North Africa is entering a new stage over Libya conflict

The unfolding game will have a major impact on Tunisia's sovereignty and national security.
Tuesday 02/06/2020
Militants fighting for the Turkish-backed Libyan Government of National Accord (GNA) during clashes with Libyan National Army (LNA) forces loyal to Field-Marshal Khalifa Haftar, June 1. (AFP)
Militants fighting for the Turkish-backed Libyan Government of National Accord (GNA) during clashes with Libyan National Army (LNA) forces loyal to Field-Marshal Khalifa Haftar, June 1. (AFP)

TUNIS - A quick examination of the rapid developments opens the gate for multiple interpretations that go beyond the equations of the traditional rules of engagement and announce the emergence of new equations that do not stop at the Libyan borders.

These developments have thrust the entire North Africa region, with its belt of Sahel and Sahara countries, into a dangerous international game of creating tensions and military muscle flexing within the framework of different agendas and contradictory goals and objectives.

The unfolding game will have a major impact on Tunisia's sovereignty and national security, which have been under siege since the beginning of the January 2011 uprising, as a result of the activities of the Muslim Brotherhood and its suspect alignments, as shown by the stances of the early post-revolution troika government led by the Islamist Ennahda Movement.

The risk of imminent Russian expansion in the region have prompted Washington to consider deploying troops to Tunisia.

US Africa Command (AFRICOM) revealed that the United States is considering using one of its Security Force Assistance Brigades for security assistance in Tunisia amid concern over growing Russian interference in Libya. "As Russia continues to fan the flames of the Libyan conflict, regional security in North Africa is a heightened concern," AFRICOM said in a statement on Friday.

AFRICOM’s statement followed a phone conversation Thursday evening between AFRICOM Commander General Stephen Townsend and Tunisian Defence Minister Imed Hezgui. “We’re looking at new ways to address mutual security concerns with Tunisia, including the use of our Security Force Assistance Brigade,” the statement said.

This statement raised many questions and prompted outrage in Tunisia over the prospect that an entire American brigade (more than 3,000 troops and officers) could be stationed on Tunisian soil. That would mean the establishment of a US military base, people fear, which could be a precursor to violations of Tunisia's national sovereignty.

In response to the expressions of concern, AFRICOM issued another statement Saturday night clarifying that the brigade in question would be used for assistance and training purposes only and “will not have combat missions from Tunisia but rather will send a training unit.”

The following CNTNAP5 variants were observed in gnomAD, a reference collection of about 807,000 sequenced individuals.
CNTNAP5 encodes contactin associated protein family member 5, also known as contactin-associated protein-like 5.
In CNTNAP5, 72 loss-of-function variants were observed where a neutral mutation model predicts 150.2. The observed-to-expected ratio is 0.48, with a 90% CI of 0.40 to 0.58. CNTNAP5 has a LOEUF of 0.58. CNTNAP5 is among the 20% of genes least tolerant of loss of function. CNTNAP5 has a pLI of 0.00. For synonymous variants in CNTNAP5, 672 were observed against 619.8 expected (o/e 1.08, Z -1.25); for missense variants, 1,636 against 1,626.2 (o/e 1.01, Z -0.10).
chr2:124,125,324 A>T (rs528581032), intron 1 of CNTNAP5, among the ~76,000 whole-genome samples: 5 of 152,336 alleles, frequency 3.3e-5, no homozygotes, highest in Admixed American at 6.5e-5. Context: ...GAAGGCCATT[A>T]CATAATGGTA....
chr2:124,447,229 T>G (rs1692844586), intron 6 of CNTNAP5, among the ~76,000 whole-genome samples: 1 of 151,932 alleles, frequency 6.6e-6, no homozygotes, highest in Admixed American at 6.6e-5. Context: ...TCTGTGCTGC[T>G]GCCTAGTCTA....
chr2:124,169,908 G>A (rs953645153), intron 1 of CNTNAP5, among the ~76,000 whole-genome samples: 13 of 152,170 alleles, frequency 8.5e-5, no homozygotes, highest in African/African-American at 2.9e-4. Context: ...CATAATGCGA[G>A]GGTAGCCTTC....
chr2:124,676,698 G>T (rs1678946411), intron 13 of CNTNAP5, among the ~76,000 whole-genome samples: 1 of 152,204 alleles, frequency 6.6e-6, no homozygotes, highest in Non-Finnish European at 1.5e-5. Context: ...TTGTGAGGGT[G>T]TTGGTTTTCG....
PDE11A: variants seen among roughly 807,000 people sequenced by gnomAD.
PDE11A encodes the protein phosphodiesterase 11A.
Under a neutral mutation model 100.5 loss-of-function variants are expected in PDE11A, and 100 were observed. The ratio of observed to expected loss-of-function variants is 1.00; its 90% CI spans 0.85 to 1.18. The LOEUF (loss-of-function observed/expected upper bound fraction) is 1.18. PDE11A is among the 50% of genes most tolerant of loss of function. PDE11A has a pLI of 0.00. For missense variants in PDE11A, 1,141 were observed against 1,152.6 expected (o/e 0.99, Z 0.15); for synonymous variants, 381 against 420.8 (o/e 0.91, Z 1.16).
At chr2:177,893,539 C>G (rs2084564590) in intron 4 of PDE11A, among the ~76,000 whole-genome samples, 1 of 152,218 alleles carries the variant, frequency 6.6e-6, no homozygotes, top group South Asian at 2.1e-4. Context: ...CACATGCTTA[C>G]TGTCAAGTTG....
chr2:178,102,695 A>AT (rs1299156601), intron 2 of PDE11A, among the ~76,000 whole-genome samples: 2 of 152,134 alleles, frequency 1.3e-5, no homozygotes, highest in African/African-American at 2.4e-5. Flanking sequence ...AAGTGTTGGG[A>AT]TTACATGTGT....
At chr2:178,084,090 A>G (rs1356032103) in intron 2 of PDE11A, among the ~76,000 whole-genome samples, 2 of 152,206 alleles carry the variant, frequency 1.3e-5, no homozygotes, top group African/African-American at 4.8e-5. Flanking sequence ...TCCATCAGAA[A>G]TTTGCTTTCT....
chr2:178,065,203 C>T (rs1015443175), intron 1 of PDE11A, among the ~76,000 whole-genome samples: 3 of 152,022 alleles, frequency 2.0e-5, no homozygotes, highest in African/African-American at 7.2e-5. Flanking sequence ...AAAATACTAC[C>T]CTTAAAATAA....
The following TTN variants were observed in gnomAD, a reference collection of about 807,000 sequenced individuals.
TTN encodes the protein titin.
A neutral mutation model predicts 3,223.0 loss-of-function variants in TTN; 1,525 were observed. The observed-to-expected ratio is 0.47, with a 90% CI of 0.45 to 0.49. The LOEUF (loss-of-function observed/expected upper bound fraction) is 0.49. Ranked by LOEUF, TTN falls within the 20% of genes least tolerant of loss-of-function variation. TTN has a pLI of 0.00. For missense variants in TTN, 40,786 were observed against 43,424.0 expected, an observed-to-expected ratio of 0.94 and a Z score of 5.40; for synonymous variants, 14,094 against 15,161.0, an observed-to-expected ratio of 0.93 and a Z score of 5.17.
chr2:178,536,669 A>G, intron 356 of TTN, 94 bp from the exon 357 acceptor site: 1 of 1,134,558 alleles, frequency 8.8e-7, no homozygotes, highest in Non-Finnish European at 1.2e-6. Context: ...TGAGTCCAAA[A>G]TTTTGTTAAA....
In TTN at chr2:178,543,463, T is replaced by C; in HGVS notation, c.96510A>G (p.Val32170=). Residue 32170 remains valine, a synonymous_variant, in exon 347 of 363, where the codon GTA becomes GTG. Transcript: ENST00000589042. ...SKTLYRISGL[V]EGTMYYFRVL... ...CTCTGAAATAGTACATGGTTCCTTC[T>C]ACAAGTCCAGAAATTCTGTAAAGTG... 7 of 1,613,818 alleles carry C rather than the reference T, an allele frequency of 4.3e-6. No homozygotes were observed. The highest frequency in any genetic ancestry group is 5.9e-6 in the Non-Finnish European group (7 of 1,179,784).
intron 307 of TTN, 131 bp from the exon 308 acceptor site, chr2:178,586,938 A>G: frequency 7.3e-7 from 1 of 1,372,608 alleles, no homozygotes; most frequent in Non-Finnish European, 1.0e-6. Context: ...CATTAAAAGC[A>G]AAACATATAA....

“The forces referred to relate to a small training unit within the military cooperation program with Tunisia,” the statement said.

However, this clarification did not dispel doubts about Washington's intentions, especially as top Tunisian authorities remained silent onthe matter. The Tunisian Ministry of Defence simply issued a statement following the telephone conversation noting that Hezgu discussed ways to enhance bilateral military cooperation with AFRICOM.

The ministry’s statement quoted AFRICOM’s commander as saying that the US military command in Africa “is always ready to support the operational capabilities of the Tunisian military,” then added that the Tunisian and US sides “agreed to reschedule the bilateral activities, including joint exercises, whose implementation was postponed due to the exceptional health situation.”

There is quite a difference between the Tunisian statement and AFRICOM’s first statement.

The US's military proposal should thus be viewed within the framework of a changing conflict of interests in the region.

It would therefore not be fortuitous for Tunisia, regardless of how the US explains its intentions.

Through its rhetoric and style, the US formulation reflects the current security reality in the region, which is quickly slipping into a hotzone under the general banner of “fighting terrorism” and related matters, which is the best pretext for foreign intervention.

The complex nature of the Libyan conflict is bringing about new alliances. And there are fears that these changing dynamics will not take into consideration Tunisia’s foreign policy choices which, until very recently have prevented any damage to the country’s external balances, especially when it comes to the case of neighbouring Libya.

Some of Tunisia's actors, seem to now be searching for new justifications in connection with the Turkish role and the Muslim Brotherhood's agenda.

Tunisia may not be able to reduce the areas of possible surprises that surround it from each side, which undoubtedly calls for a focus not only on finding safety valves, but also on understanding the regional and international strategic situation from the point of view of a strategic planning based on getting as far away from the Muslim Brotherhood’s project as possible, in order to mitigate the various risks and challenges facing Tunisia's future relations with neighbouring Libya, and take into consideration the Turkish role in the region, with all of its aspects of aggression, occupation and the simmering Brotherhood agenda.